OECD pre­dicts growth to con­tinue in China and move higher in the US

China Daily (USA) - - BUSINESS - By FU JING in Brus­sels fu­jing@chi­nadaily.com.cn

China’s econ­omy will grow at 6.7 per­cent this year, but will edge down to 6.4 per­cent and 6.1 per­cent in 2017 and 2018 re­spec­tively, the Paris-based Or­ga­ni­za­tion for Eco­nomic Co-op­er­a­tion and Development (OECD) said on Mon­day in its lat­est Eco­nomic Out­look, which is pub­lished twice each year.

Its three-year pre­dic­tions are roughly con­sis­tent with the Chi­nese gov­ern­ment’s goal of achiev­ing an av­er­age an­nual rate of 6.5 per­cent dur­ing the 2016-20 pe­riod to re­al­ize its tar­get of dou­bling the per capita in­come by 2020 from a 2010 base, al­though the OECD said China needs to ar­rest the down­ward trend in 2019 and 2020 if it is to reach that goal.

Lead­ing Chi­nese pol­icy in­sid­ers said the OECD pre­dic­tions for the three years were rea­son­able as growth fluc­tu­a­tions were nor­mal and ac­cept­able in the process of re­struc­tur­ing the econ­omy and China “en­joys more ad­van­tages than dis­ad­van­tages” in keep­ing its an­nual eco­nomic growth rate at 6 to 7 per­cent in the 2016-20 pe­riod, as long as the economies of the United States, Ja­pan and the EU also of­fer growth mo­men­tum.

The OECD said the US econ­omy is go­ing to pick up, due to an as­sumed eas­ing of fis­cal pol­icy, with the econ­omy pro­jected to grow by 2.3 per­cent in 2017and3 per­cent in2018. The euro area is pre­dicted to grow 1.6 per­cent in 2017 and 1.7 per­cent in 2018. Ja­panese growth is pro­jected at 1 per­cent in 2017 and 0.8 per­cent in 2018.

The re­port says that the to­tal growth of the 35 OECD coun­tries is pro­jected to be 2 per­cent in 2017 and 2.3 per­cent in 2018. In­dia’s growth rates are ex­pected to hover above 7.5 per­cent over the 2017-18 pe­riod, but many emerg­ing mar­ket economies will con­tinue to grow at a more slug­gish pace.

“The global econ­omy has the prospect of mod­estly higher growth, after five years of dis­ap­point­ingly weak out­comes,” OECD Sec­re­tary-Gen­eral An­gel Gur­ria said, while launch­ing the re­port in Paris. “In light of the cur­rent con­text of low in­ter­est rates, pol­i­cy­mak­ers have a unique win­dow of op­por­tu­nity to make more ac­tive use of fis­cal levers to boost growth and re­duce in­equal­ity with­out com­pro­mis­ing debt lev­els. We urge them to do so.”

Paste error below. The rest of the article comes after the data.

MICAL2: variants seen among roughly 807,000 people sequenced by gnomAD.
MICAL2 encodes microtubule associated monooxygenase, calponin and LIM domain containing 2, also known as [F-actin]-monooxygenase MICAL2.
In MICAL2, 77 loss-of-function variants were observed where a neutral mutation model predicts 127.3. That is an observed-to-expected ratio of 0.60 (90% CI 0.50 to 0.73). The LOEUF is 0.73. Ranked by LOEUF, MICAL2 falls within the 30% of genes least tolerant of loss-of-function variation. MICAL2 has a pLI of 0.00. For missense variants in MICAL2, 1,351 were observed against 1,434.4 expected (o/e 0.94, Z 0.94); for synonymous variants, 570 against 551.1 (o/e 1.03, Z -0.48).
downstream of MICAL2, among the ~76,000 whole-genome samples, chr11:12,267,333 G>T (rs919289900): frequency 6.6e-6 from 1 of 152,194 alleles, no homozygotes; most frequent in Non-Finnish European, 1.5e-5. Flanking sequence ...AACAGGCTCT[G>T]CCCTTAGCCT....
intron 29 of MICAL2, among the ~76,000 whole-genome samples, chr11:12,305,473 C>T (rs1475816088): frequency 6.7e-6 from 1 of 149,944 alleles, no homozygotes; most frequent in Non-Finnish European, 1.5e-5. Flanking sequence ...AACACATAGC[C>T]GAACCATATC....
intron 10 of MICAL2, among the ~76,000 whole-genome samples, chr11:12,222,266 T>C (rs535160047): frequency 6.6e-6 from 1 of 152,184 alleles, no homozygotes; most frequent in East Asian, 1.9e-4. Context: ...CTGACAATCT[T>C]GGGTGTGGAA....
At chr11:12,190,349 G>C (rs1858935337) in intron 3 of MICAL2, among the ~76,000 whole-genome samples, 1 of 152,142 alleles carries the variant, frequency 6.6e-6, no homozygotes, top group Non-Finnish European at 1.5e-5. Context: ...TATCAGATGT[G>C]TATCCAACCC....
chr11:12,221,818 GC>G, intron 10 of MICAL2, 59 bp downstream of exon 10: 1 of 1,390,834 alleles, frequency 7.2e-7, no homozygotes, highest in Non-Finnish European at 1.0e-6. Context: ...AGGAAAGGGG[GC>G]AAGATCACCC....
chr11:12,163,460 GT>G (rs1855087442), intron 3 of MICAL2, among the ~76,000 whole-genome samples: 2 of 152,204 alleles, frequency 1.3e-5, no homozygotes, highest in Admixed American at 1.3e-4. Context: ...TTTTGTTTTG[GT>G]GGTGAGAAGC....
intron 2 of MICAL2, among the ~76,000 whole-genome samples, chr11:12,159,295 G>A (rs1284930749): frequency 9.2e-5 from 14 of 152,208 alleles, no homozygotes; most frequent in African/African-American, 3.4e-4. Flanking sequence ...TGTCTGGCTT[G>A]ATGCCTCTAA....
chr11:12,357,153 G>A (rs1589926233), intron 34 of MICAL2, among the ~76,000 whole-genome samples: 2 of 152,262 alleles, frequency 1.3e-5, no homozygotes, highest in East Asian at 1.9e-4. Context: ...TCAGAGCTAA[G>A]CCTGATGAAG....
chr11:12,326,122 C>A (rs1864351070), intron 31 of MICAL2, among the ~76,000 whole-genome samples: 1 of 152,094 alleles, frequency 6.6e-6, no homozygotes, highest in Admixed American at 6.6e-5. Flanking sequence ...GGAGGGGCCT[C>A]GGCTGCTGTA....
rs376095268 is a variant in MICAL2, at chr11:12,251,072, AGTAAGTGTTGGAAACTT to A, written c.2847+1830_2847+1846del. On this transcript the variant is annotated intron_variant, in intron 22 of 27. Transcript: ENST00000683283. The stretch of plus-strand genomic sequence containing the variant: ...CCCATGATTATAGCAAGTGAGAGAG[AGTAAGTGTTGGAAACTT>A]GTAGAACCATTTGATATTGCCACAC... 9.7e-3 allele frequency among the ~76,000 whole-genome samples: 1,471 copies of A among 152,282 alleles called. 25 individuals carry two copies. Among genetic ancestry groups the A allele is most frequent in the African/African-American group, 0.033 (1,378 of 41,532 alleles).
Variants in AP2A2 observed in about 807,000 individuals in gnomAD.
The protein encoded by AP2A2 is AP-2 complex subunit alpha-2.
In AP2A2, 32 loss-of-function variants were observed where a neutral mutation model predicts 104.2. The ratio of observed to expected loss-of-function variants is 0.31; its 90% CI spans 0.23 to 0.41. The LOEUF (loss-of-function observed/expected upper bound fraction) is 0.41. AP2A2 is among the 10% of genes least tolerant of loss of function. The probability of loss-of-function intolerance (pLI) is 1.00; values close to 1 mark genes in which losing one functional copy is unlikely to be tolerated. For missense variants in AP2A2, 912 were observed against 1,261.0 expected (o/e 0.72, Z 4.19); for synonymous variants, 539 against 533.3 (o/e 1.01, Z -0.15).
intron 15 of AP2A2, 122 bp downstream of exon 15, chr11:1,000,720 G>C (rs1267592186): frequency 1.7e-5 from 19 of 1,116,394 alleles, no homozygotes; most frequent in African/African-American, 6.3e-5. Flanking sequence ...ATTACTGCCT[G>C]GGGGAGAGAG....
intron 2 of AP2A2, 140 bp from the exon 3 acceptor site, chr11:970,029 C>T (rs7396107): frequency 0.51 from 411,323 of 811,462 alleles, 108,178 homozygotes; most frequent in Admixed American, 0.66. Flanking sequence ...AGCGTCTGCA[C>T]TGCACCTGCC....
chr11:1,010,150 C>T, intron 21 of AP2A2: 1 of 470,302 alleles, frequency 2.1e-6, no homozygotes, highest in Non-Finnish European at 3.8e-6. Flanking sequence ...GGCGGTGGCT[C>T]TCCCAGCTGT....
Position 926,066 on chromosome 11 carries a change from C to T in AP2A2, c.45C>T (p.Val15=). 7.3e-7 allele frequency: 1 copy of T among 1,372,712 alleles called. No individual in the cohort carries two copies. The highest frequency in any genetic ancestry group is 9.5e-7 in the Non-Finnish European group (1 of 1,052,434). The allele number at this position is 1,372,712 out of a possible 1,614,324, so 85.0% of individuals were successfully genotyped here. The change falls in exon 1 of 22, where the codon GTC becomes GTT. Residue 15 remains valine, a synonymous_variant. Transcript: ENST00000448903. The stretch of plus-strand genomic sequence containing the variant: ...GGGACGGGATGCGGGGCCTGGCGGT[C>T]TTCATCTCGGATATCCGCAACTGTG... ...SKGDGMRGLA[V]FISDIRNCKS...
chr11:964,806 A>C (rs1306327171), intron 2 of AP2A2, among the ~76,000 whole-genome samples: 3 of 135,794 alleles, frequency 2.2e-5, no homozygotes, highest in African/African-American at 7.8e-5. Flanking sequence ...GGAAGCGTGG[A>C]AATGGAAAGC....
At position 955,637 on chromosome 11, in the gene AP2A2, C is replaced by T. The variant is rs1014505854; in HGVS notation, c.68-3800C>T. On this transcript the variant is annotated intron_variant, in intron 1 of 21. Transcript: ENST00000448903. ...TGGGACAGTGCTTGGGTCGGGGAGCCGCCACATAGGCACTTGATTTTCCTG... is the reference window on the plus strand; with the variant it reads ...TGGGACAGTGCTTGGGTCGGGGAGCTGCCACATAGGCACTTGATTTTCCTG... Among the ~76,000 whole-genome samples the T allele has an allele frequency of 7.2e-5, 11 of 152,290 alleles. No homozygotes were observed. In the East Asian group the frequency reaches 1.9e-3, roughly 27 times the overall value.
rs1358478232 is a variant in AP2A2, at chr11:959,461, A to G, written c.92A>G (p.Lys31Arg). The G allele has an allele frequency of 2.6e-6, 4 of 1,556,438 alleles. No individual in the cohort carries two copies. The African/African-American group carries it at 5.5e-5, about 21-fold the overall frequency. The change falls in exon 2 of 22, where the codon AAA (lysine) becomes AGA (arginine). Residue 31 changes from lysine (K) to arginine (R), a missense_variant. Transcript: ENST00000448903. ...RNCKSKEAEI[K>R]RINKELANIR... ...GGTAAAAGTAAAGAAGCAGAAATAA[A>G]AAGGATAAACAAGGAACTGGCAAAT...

The or­ga­ni­za­tion said global growth will grow by 3.3 per­cent in 2017 and 3.6 per­cent in 2018.

Chi Fulin, pres­i­dent of the China In­sti­tute for Re­form and Development, said the mes­sages in the OECD re­port were quite pos­i­tive and China’s con­tin­u­ing eco­nomic re­struc­tur­ing would also ben­e­fit from the up­side pro­jec­tions of the global econ­omy and ad­vanced coun­tries.

“There is no prob­lem for China to keep its tar­get of an av­er­age rate of 6.5 per­cent of eco­nomic growth dur­ing the 2016-2020 pe­riod. Plus, China has much un­tapped po­ten­tial to main­tain a medium and high rate, given such a pop­u­lous and ma­ture mar­ket,” said Chi, a lead­ing pol­icy ad­viser for the gov­ern­ment.

“The pre­dic­tions on growth trends of the ad­vanced economies will fur­ther help China main­tain faster growth.”

Chi urged the in­ter­na­tional com­mu­nity to look at China’s fluc­tu­a­tions in growth rates with “a ra­tio­nal mind­set.”

“This is be­cause China is now chang­ing its in­vest­ment- and ex­port-driven model to other growth en­gines, such as con­sump­tion, in­no­va­tion, green development and up­grad­ing of peo­ple’s life qual­ity,” said Chi. “There­fore, the fluc­tu­a­tions in the next five years are ex­pected and healthy.”

How­ever, Chi said the fluc­tu­a­tions would be man­age­able and growth would stay at 6-7 per­cent. “So, I am very con­fi­dent that China can de­liver its tar­gets dur­ing the 2016-20 pe­riod, in or­der to re­al­ize the goal of dou­bling growth of per capita in­come from 2010 to 2020.”

The global econ­omy has the prospect of mod­estly higher growth, after five years of dis­ap­point­ingly weak out­comes.” An­gel Gur­ria, sec­re­tary-gen­eral of the OECD

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